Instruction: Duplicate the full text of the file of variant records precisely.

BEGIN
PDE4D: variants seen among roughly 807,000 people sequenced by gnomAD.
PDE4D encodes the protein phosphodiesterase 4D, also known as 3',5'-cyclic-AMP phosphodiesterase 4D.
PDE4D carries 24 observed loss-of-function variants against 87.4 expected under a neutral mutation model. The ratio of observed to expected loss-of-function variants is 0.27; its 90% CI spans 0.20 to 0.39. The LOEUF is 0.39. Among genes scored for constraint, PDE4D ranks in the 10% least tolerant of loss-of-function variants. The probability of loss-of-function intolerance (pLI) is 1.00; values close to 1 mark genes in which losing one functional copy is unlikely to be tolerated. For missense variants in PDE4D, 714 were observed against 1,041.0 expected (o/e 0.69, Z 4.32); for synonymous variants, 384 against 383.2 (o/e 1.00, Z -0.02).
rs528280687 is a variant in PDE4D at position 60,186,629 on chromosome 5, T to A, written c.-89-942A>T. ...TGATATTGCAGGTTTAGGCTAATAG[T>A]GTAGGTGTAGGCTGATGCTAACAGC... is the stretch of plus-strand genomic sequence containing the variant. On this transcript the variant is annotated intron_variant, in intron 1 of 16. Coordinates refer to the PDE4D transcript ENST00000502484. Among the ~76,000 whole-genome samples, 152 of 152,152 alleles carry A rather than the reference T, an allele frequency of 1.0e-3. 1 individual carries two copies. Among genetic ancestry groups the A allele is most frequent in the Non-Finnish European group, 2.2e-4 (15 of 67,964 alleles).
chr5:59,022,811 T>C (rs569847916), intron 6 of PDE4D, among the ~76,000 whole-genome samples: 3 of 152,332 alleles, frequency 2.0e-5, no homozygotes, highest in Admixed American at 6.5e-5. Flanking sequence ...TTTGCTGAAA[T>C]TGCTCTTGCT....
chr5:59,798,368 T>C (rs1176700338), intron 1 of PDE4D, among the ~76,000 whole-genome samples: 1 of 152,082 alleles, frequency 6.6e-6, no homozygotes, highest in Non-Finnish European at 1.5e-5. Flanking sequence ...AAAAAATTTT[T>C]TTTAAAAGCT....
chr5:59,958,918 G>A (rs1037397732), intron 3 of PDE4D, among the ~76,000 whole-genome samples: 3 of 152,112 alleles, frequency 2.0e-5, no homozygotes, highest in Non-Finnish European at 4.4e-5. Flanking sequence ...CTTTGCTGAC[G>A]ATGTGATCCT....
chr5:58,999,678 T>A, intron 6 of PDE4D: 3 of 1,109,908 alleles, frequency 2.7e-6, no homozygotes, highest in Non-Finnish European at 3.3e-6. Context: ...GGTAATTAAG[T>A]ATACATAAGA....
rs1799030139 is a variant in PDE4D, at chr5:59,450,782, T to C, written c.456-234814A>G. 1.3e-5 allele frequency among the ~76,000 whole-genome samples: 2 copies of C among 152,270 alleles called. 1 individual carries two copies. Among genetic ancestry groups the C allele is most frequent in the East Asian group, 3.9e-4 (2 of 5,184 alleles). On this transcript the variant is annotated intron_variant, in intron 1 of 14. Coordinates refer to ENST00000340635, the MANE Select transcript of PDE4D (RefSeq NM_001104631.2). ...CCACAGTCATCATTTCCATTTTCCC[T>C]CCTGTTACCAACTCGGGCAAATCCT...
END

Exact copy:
PDE4D: variants seen among roughly 807,000 people sequenced by gnomAD.
PDE4D encodes the protein phosphodiesterase 4D, also known as 3',5'-cyclic-AMP phosphodiesterase 4D.
PDE4D carries 24 observed loss-of-function variants against 87.4 expected under a neutral mutation model. The ratio of observed to expected loss-of-function variants is 0.27; its 90% CI spans 0.20 to 0.39. The LOEUF is 0.39. Among genes scored for constraint, PDE4D ranks in the 10% least tolerant of loss-of-function variants. The probability of loss-of-function intolerance (pLI) is 1.00; values close to 1 mark genes in which losing one functional copy is unlikely to be tolerated. For missense variants in PDE4D, 714 were observed against 1,041.0 expected (o/e 0.69, Z 4.32); for synonymous variants, 384 against 383.2 (o/e 1.00, Z -0.02).
rs528280687 is a variant in PDE4D at position 60,186,629 on chromosome 5, T to A, written c.-89-942A>T. ...TGATATTGCAGGTTTAGGCTAATAG[T>A]GTAGGTGTAGGCTGATGCTAACAGC... is the stretch of plus-strand genomic sequence containing the variant. On this transcript the variant is annotated intron_variant, in intron 1 of 16. Coordinates refer to the PDE4D transcript ENST00000502484. Among the ~76,000 whole-genome samples, 152 of 152,152 alleles carry A rather than the reference T, an allele frequency of 1.0e-3. 1 individual carries two copies. Among genetic ancestry groups the A allele is most frequent in the Non-Finnish European group, 2.2e-4 (15 of 67,964 alleles).
chr5:59,022,811 T>C (rs569847916), intron 6 of PDE4D, among the ~76,000 whole-genome samples: 3 of 152,332 alleles, frequency 2.0e-5, no homozygotes, highest in Admixed American at 6.5e-5. Flanking sequence ...TTTGCTGAAA[T>C]TGCTCTTGCT....
chr5:59,798,368 T>C (rs1176700338), intron 1 of PDE4D, among the ~76,000 whole-genome samples: 1 of 152,082 alleles, frequency 6.6e-6, no homozygotes, highest in Non-Finnish European at 1.5e-5. Flanking sequence ...AAAAAATTTT[T>C]TTTAAAAGCT....
chr5:59,958,918 G>A (rs1037397732), intron 3 of PDE4D, among the ~76,000 whole-genome samples: 3 of 152,112 alleles, frequency 2.0e-5, no homozygotes, highest in Non-Finnish European at 4.4e-5. Flanking sequence ...CTTTGCTGAC[G>A]ATGTGATCCT....
chr5:58,999,678 T>A, intron 6 of PDE4D: 3 of 1,109,908 alleles, frequency 2.7e-6, no homozygotes, highest in Non-Finnish European at 3.3e-6. Context: ...GGTAATTAAG[T>A]ATACATAAGA....
rs1799030139 is a variant in PDE4D, at chr5:59,450,782, T to C, written c.456-234814A>G. 1.3e-5 allele frequency among the ~76,000 whole-genome samples: 2 copies of C among 152,270 alleles called. 1 individual carries two copies. Among genetic ancestry groups the C allele is most frequent in the East Asian group, 3.9e-4 (2 of 5,184 alleles). On this transcript the variant is annotated intron_variant, in intron 1 of 14. Coordinates refer to ENST00000340635, the MANE Select transcript of PDE4D (RefSeq NM_001104631.2). ...CCACAGTCATCATTTCCATTTTCCC[T>C]CCTGTTACCAACTCGGGCAAATCCT...